Drills, Skills and Articles

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Sunday, September 10, 2017

GearGeek - NHL Equipment Database

GearGeek is the world's first online NHL equipment database.

See what every active NHL player is using on the ice right now - sticks, gloves, pants, skates and helmets. You can sort by brands, teams, positions, stat leaders and more.

GearGeek is free to use, and no registration needed. Check us out now!

Saturday, February 25, 2017

4 Corners – D vs. O

1. Place O in each corner with a puck
2. D starts in front of net and skates toward one of the O
3. When he stops and transitions, the O drives the net and they play 1 on 1 until a score, puck freeze or D clears the puck
4. D then picks another O and repeats until all 4 O have played

1. 1 on 1 work both for O and D
2. Backward skating and Defensive play
3. Stickwork and beating D

This drill is good Defensive work and will help them develop their backward skating and 1 on 1 play.

Sunday, February 12, 2017

Skating - Quick Starts & Stops

1. Players start at one cone and skate as hard as they can to next cone
2. Come to complete stop before quickly starting to next cone
3. Continue through cones to end

1. Quick starts and stops
2. Face the same way (far boards) so they can work on stopping in both directions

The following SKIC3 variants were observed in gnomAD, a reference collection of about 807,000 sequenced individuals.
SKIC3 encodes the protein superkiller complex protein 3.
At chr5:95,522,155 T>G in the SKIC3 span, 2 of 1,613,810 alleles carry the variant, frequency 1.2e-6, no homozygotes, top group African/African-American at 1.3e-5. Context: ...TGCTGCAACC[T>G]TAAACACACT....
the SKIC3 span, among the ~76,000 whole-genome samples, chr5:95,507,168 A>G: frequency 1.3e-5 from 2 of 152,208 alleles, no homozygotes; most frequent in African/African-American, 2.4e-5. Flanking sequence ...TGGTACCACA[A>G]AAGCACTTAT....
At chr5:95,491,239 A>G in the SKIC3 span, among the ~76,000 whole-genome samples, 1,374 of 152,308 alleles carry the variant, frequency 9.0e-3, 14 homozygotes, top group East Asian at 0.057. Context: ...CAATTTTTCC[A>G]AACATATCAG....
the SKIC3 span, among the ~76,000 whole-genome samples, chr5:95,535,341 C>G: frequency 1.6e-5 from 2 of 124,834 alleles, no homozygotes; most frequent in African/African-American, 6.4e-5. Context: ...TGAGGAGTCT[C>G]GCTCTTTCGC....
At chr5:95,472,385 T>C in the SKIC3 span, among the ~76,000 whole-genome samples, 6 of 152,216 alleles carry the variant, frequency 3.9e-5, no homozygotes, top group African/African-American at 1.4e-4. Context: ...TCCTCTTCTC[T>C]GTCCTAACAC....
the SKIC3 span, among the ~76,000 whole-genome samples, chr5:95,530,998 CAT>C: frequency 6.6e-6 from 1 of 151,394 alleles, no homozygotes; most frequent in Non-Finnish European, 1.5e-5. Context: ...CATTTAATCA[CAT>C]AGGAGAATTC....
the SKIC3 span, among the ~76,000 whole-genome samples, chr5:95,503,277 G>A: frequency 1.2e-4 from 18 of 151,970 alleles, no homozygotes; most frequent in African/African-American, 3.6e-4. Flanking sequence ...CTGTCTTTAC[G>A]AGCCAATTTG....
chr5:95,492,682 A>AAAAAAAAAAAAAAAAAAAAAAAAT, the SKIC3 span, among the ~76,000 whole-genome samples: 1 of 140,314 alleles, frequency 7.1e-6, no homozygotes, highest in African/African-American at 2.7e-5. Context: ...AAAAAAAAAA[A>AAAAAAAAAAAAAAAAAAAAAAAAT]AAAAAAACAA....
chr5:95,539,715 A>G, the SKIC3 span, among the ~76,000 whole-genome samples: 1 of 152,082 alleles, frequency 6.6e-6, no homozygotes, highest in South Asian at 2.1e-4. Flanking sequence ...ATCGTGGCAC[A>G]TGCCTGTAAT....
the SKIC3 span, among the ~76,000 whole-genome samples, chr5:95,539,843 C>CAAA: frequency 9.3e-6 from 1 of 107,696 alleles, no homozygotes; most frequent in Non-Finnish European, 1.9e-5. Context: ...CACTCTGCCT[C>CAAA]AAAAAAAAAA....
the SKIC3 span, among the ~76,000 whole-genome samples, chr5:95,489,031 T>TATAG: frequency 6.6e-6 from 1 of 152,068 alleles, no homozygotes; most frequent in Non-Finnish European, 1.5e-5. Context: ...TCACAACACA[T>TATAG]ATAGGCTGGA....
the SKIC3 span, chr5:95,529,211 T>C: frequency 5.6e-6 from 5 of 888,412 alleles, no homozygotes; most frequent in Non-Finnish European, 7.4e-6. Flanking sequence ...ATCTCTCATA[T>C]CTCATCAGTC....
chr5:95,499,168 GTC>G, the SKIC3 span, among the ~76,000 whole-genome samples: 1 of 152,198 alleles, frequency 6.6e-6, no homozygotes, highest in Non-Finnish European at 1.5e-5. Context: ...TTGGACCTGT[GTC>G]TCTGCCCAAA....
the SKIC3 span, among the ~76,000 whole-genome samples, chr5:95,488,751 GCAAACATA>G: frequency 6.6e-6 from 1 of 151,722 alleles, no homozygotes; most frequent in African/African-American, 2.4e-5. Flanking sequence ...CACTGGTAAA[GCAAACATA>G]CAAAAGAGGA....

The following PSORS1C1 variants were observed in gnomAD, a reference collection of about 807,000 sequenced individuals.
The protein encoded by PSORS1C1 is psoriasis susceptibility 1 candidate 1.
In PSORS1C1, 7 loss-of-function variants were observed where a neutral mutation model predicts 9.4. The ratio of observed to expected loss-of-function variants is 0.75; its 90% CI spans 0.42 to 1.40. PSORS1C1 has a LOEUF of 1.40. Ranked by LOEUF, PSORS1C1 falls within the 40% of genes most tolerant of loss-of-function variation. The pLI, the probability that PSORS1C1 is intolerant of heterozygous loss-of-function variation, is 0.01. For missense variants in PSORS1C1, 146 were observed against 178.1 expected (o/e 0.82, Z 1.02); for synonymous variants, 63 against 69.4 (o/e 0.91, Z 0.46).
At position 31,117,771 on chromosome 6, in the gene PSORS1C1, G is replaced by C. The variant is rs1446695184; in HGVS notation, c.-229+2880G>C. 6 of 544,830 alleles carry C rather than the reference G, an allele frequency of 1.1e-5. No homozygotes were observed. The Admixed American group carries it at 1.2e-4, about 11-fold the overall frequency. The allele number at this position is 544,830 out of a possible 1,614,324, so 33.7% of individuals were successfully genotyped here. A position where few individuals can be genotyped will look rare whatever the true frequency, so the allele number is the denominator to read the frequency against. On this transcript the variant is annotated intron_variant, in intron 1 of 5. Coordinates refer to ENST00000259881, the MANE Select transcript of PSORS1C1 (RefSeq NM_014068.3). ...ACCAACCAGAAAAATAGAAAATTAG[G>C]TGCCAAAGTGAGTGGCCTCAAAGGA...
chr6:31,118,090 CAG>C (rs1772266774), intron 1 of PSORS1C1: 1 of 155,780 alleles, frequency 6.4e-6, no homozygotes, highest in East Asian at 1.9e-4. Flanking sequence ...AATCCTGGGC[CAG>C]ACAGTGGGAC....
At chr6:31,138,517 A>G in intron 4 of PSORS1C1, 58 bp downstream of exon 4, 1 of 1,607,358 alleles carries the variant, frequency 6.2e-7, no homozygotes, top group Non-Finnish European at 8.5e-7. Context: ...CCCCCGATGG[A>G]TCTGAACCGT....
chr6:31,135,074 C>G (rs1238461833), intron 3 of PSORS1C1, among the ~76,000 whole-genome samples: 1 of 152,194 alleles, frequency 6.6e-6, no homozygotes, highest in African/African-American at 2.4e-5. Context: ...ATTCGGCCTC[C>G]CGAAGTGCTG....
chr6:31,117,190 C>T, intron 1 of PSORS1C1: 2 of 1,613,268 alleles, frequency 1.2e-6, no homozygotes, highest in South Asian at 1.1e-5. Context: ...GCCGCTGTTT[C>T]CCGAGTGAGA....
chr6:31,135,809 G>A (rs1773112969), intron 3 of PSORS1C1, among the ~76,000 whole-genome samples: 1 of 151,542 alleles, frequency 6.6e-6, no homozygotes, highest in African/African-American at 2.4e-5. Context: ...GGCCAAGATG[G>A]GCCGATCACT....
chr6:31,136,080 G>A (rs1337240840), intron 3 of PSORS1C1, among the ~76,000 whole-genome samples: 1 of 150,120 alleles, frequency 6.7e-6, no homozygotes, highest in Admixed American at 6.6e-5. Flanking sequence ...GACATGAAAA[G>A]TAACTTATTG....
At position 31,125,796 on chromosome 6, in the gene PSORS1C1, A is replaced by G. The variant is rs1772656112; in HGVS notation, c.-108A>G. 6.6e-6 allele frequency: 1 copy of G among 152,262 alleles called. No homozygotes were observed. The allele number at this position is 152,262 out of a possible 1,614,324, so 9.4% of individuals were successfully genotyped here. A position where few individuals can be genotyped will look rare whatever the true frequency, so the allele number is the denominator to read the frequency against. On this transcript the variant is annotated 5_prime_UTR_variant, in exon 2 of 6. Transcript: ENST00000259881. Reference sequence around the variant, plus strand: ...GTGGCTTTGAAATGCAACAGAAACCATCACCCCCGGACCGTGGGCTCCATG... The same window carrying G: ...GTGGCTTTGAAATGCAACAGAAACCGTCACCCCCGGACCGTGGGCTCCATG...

One variation is when they hit the middle cone, make them skate backwards to the cones and stop.

Wednesday, February 1, 2017

Goalie Handbook

This electronic book features tips, guides, articles and articles from former goalies and current coaches to enhance your game as a goalie or a coach of a goalie.

Thanks to our partners over at Pro Stock Hockey for this latest content.

Click arrows in bottom right hand corner to expand full screen

To download the Pro Stock Hockey Goalie E-Book Click Here

Goalie Resource from Pro Stock Hockey, a company that has Pro Stock Hockey Pants For Sale

Monday, January 30, 2017

4-Shot Backhand Drill

1. Setup 4 pucks out in front of the net in the slot

2. Players must approach and shoot on Backhand
3. Goalie must make save and recover quickly

1. Backhand shots – approaching the puck and shooting comfortably instead of trying to roll it over to the forehand
2. Getting the shot off quickly with no stickhandling
3. Goalie movement and recovery

This is a great small area drill and can be done with a few players while others are focusing on something else.

Wednesday, January 25, 2017

Last Minute Puck Races

  1. Lineup pucks down the middle of the rink between the blue lines
  2. Make 2 lines of players in each corner
  3. On whistle, players race for the puck
  4. First player tries to score on a breakaway
  5. Second player backchecks
  1. Speed to a loose puck
  2. Speed carrying the puck on a breakaway
  3. Speed on the back-check to breakup the play
Remind your players that this drills is designed to make them think about chasing a puck in the last minute of play and they have the chance to end the game, stop a goal, etc. 

I always run this the last 5 minutes of practice when they are tired.  I remind them there is no time to be tired and out of breath at the end of the game.